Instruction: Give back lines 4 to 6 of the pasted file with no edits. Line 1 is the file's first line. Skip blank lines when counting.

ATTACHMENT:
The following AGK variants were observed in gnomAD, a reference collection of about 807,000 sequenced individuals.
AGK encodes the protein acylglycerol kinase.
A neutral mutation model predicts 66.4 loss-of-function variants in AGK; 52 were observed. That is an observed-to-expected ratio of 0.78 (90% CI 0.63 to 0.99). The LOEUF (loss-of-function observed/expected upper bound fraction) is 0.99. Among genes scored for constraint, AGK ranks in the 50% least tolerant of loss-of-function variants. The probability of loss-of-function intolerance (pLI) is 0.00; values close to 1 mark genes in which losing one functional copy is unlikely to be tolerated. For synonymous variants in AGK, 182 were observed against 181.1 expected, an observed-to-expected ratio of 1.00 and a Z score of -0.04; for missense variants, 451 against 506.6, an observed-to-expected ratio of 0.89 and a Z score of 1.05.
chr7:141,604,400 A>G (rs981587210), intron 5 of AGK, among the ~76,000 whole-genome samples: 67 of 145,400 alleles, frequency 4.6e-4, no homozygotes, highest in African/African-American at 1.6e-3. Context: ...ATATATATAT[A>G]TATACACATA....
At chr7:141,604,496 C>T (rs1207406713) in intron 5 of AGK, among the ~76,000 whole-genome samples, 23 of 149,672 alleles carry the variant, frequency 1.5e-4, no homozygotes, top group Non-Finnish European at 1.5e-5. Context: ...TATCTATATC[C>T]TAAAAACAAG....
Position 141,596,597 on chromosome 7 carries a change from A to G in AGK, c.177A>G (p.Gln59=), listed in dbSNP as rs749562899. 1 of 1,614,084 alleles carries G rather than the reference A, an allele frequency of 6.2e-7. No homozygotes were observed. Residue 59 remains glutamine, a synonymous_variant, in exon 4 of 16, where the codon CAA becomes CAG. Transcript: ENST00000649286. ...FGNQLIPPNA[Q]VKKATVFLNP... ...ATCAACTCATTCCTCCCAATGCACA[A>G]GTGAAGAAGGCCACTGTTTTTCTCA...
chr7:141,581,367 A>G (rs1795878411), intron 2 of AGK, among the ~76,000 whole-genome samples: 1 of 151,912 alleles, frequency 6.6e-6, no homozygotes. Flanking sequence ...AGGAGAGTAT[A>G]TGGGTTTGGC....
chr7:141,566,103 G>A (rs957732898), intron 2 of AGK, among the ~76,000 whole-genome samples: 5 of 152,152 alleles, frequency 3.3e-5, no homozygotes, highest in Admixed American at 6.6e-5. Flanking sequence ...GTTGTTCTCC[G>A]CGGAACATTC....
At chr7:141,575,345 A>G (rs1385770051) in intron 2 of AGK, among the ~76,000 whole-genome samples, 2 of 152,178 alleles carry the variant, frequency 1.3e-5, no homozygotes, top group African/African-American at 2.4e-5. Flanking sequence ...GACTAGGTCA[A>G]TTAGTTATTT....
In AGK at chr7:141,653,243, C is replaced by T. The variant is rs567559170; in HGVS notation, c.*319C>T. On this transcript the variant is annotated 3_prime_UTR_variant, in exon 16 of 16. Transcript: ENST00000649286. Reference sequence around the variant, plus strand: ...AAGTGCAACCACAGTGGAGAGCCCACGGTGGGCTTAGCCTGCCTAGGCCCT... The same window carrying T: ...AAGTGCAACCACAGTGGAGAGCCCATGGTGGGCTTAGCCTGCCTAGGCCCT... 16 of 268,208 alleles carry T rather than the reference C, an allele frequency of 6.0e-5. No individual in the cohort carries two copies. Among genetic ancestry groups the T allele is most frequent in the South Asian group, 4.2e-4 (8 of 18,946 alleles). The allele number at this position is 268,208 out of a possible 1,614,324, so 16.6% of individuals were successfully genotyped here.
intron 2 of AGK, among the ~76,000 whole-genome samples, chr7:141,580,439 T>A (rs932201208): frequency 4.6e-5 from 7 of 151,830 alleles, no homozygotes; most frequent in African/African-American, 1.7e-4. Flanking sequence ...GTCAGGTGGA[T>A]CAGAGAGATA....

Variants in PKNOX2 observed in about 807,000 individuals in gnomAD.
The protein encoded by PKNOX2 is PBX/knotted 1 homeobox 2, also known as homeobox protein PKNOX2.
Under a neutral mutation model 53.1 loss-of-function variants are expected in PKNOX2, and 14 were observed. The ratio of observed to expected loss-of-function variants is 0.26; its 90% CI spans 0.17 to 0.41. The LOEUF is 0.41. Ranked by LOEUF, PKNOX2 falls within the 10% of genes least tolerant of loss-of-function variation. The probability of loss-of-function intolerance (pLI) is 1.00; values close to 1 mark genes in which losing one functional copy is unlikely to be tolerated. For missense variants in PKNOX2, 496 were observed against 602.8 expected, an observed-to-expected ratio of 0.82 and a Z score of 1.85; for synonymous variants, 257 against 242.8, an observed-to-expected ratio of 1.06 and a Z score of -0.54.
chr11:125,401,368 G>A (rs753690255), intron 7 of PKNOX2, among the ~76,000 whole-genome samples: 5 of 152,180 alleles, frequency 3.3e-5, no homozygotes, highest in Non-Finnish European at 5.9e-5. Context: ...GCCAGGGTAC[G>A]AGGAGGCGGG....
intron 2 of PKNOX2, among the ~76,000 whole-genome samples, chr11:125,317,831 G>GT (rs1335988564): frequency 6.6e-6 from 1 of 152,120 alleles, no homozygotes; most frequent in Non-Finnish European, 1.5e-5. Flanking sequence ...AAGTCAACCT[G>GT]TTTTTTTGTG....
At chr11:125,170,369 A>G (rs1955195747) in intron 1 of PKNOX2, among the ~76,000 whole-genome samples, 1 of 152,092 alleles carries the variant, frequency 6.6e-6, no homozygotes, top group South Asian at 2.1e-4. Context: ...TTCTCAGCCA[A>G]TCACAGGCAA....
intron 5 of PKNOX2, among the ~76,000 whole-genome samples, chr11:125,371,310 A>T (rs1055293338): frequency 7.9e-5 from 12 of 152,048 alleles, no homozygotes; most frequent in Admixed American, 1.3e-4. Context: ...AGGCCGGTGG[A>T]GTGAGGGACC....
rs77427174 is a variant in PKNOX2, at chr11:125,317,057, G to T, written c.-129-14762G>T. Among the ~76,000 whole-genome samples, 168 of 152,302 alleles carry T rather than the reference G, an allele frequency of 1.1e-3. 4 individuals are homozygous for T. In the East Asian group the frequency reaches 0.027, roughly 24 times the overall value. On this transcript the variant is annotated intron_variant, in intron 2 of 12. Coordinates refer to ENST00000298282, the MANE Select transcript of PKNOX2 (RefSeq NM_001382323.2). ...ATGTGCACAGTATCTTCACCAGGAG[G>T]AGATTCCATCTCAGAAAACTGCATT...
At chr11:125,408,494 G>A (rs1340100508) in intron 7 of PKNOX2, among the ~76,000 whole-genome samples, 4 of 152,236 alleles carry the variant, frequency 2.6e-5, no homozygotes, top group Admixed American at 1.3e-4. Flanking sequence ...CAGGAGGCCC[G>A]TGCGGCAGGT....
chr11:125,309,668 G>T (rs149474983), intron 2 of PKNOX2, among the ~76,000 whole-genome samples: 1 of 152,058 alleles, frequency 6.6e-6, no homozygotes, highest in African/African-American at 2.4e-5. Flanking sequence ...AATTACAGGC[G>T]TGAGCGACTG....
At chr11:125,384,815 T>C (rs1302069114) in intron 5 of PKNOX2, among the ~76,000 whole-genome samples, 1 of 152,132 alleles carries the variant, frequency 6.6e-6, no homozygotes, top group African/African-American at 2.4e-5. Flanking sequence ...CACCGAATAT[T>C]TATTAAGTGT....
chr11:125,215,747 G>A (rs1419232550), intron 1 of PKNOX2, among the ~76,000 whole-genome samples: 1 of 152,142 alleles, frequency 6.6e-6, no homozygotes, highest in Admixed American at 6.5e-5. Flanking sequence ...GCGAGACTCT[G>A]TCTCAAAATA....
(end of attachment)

chr7:141,604,400 A>G (rs981587210), intron 5 of AGK, among the ~76,000 whole-genome samples: 67 of 145,400 alleles, frequency 4.6e-4, no homozygotes, highest in African/African-American at 1.6e-3. Context: ...ATATATATAT[A>G]TATACACATA....
At chr7:141,604,496 C>T (rs1207406713) in intron 5 of AGK, among the ~76,000 whole-genome samples, 23 of 149,672 alleles carry the variant, frequency 1.5e-4, no homozygotes, top group Non-Finnish European at 1.5e-5. Context: ...TATCTATATC[C>T]TAAAAACAAG....
Position 141,596,597 on chromosome 7 carries a change from A to G in AGK, c.177A>G (p.Gln59=), listed in dbSNP as rs749562899. 1 of 1,614,084 alleles carries G rather than the reference A, an allele frequency of 6.2e-7. No homozygotes were observed. Residue 59 remains glutamine, a synonymous_variant, in exon 4 of 16, where the codon CAA becomes CAG. Transcript: ENST00000649286. ...FGNQLIPPNA[Q]VKKATVFLNP... ...ATCAACTCATTCCTCCCAATGCACA[A>G]GTGAAGAAGGCCACTGTTTTTCTCA...